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SMEs: Internet Banking

SMEs: how to operate on-line without risking money

Maxim Solntsev, SDM-BANK CEO.

There is a common belief that the Internet is all full with defrauders and hackers waiting for the right moment to steal your money. It is quite hard to catch the criminals, and it is sure easier to prevent this kind of break-in situations from happening.

Big companies pour big money into internet security systems, but what can a small company with no IT-professionals on staff and no means to afford a high-priced software do to secure itself when operating on-line?

— One of the major risks small enterprises bear is Human Factor. As a matter of fact, the majority of these companies end up dealing with “fishers” just because their personnel are not careful enough.

— Oftentimes, accountants in these companies work from home and use non-secured networks. Their home computer may have books for a number of different companies, and sometimes there is a risk of simply mixing payments up. To cope with that the manager may just not empower anyone with the right of digital signature, and have the billing documents creation and acceptance functions separate from each other. That way an accountant would initiate payment orders, send them to a bank online, and then the manager would put their signature on them.

— Managers in a small company happen to keep digital signature keys and account passwords in some easy-accessible place, which increases the breach risk exposure. The keys to the payment orders acceptance, as well as all the personal data (as those logins, passwords, codes, card numbers and CVV-codes) must be stored by a manager or authorized personnel in a well-secured place.

— These days many banks offer their customers the E-token Pass service. Even if a trespasser manages to acquire an on-line banking access key and a password, they can’t get into the system without the E-token Pass device. This device creates a unique one-time password, which is valid for a limited period of time. The device looks like a Key-Less Entry with the button – when pushing the button the device generates the password, which appears on a small display. The password is then used to access the on-line banking system, and the short-term validity makes the access impossible for the third parties.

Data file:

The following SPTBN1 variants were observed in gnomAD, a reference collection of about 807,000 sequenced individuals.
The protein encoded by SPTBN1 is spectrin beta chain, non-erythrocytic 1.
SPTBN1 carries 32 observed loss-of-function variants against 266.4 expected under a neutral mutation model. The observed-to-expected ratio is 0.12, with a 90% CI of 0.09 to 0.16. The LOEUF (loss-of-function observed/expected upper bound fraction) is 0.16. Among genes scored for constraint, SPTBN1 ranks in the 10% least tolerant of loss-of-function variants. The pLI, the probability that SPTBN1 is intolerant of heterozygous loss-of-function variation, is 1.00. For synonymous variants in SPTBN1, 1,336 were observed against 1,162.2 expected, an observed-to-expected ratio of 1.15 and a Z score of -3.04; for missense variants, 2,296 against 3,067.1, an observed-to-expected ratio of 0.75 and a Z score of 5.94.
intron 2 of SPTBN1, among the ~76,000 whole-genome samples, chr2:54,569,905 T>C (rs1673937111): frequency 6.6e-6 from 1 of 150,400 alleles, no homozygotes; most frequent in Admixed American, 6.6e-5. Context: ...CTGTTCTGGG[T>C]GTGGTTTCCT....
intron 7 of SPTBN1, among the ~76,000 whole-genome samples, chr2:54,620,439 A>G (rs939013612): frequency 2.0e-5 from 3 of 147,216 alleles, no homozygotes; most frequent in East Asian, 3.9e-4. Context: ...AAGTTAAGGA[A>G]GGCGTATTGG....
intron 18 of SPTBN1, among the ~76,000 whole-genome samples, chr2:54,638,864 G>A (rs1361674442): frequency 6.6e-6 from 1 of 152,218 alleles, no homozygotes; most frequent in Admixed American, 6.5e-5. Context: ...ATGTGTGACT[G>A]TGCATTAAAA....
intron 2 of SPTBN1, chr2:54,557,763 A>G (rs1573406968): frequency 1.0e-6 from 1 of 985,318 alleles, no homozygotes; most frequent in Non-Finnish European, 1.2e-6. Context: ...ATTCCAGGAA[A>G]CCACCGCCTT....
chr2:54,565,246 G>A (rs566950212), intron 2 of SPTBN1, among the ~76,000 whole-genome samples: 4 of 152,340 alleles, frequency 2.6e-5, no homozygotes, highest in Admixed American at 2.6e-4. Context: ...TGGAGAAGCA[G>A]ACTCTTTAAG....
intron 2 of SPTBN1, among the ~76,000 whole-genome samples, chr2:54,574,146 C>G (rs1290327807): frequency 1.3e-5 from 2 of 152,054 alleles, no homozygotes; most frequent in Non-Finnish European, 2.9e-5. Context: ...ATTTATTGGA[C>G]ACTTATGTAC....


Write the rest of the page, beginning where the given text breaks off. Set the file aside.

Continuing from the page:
— Second-biggest risk to suffer from a trespasser over internet is related to the lack of liaison security. Oftentimes computers used for on-line operations have no firewall, or an out-of-date anti-virus system, and may use shared WiFi networks.

— Any computer used for on-line bank operations must have an up-to-date security system, and the antivirus system on such computer must be properly updated on a timely manner. It must also have no connection to local networks, and all the access to social utility networks or entertainment web-sites must be strongly prohibited. That would help to protect the accounting books from Trojan. A virus penetrates into the computer through the internet and starts intercepting all the data and information input. If not careful, the user himself may end up giving the trespasser all the keys and passwords, and the rest is paperwork.

— Many companies see fishing-protection services that banks offer as a useless thing – and there they are wrong. A service such as SMS transaction notification would help a manager to track down unapproved transactions. Setting withdrawal limits would also help to stave off a stealing – in case of limit exceeded the manager would receive either an email/SMS notification or a call from the bank affirming the transaction. Besides, if the bank finds some transaction suspicious, the manager would be  informed right away and asked for further instructions.

— It would also be useful to check the account on a regular basis – this does not take much time, and helps to keep it under decent control.

A rapid development of on-line banking drives a tremendous growth of a number of fishers in this area –for the last year alone the number of those has doubled. According to ESET antivirus specialists 95% of all the Trojan viruses in Russia are intended for bank accounts. A major portion of 2.5bn RUR of criminal money in 2010 came from virus-infected financial operations software.

The volumes look disastrous, but its all not that bad. Indeed, on-line banking does not guarantee a 100% security, but neither do cash operations. IT security specialist note that on-line banking systems can successfully deal with hackers, and money stolen from an account is nearly always the result of client’s lack of attention and neglecting simple security rules when operating on-line. Regular communication with the bank and adherence to some simple rules will help to avoid financial loses.